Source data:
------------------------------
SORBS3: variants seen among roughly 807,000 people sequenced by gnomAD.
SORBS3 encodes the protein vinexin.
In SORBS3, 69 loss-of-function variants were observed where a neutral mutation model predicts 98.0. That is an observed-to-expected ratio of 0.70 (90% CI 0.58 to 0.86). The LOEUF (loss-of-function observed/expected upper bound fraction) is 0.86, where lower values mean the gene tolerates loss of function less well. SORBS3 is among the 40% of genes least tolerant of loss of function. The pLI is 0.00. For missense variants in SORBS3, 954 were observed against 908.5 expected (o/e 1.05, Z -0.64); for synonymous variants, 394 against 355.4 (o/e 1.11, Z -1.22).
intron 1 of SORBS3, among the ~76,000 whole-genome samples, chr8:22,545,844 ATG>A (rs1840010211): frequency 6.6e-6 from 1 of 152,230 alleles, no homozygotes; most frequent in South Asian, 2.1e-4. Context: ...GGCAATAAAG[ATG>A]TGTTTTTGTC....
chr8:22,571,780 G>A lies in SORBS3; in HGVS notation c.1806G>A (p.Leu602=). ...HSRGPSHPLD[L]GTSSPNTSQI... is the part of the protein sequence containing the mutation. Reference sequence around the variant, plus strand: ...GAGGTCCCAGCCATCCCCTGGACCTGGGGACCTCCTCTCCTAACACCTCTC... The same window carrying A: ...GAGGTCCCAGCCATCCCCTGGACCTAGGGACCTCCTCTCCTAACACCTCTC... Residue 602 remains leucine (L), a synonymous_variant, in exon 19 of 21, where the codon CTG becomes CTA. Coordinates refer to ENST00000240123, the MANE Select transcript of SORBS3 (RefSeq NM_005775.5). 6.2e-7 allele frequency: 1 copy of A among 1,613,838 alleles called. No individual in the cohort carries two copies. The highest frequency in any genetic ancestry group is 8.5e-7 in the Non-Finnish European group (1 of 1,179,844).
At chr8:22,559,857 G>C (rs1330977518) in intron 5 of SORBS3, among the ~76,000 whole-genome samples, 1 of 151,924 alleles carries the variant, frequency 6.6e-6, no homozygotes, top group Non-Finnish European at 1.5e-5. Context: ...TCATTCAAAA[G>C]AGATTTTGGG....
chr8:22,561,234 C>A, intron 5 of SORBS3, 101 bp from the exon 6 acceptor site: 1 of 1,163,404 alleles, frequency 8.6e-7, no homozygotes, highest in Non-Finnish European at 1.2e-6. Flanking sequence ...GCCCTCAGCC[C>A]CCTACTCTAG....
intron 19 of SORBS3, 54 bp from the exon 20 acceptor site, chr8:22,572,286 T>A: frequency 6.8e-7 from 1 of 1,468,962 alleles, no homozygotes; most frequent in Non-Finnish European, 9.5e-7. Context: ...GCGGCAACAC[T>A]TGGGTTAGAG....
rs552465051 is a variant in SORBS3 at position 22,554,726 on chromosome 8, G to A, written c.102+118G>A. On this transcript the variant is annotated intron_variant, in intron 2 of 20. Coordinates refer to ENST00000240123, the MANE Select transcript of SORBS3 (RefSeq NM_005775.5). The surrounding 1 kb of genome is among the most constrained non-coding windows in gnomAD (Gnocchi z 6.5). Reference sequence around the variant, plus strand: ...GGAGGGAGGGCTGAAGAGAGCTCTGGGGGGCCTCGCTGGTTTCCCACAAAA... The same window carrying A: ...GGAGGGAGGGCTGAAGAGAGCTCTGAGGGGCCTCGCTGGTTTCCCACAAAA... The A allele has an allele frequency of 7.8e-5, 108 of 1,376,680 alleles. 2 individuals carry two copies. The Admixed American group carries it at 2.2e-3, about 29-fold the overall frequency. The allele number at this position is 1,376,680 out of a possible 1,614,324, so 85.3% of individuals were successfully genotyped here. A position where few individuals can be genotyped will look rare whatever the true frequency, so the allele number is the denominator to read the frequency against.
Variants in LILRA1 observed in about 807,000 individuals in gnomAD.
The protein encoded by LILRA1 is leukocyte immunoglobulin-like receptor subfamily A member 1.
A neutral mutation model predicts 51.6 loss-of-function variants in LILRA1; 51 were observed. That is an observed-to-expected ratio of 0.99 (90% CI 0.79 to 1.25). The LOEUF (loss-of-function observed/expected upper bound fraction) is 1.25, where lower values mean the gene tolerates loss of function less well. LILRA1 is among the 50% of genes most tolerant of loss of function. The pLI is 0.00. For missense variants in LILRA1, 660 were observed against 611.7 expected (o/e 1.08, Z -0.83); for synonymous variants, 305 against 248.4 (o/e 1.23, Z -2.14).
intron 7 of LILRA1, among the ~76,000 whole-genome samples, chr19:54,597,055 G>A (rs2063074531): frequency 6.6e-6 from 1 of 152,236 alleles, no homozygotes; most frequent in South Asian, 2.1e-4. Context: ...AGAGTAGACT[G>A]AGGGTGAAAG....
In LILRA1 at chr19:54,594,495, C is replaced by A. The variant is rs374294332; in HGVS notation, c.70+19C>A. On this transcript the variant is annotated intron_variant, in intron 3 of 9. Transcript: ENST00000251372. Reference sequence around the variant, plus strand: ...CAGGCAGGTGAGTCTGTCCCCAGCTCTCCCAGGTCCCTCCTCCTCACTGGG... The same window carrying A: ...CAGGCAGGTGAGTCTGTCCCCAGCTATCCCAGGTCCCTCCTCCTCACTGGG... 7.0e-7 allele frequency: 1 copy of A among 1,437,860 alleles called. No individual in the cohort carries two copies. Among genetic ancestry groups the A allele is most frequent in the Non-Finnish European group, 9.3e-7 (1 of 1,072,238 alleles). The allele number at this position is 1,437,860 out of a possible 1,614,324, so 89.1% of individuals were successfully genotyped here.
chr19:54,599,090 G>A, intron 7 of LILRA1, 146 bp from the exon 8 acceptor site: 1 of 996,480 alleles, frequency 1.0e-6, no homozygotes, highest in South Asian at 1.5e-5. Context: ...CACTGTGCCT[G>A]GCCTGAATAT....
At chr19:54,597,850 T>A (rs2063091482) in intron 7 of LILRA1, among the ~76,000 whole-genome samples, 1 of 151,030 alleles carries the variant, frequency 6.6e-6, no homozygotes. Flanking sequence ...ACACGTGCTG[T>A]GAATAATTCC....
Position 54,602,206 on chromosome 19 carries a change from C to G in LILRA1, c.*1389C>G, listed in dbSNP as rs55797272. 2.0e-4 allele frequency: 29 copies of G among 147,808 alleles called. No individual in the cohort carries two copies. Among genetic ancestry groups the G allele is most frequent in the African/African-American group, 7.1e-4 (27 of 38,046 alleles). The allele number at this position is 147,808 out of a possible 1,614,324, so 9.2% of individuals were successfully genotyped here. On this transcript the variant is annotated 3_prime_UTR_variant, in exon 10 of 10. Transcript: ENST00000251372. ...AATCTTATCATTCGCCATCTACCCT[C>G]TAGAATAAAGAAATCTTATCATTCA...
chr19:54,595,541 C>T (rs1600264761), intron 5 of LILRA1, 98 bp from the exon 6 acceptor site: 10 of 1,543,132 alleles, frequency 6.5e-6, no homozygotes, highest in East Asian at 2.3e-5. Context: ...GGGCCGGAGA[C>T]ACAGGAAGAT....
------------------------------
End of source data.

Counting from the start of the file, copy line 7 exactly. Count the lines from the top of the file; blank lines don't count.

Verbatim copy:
chr8:22,561,234 C>A, intron 5 of SORBS3, 101 bp from the exon 6 acceptor site: 1 of 1,163,404 alleles, frequency 8.6e-7, no homozygotes, highest in Non-Finnish European at 1.2e-6. Flanking sequence ...GCCCTCAGCC[C>A]CCTACTCTAG....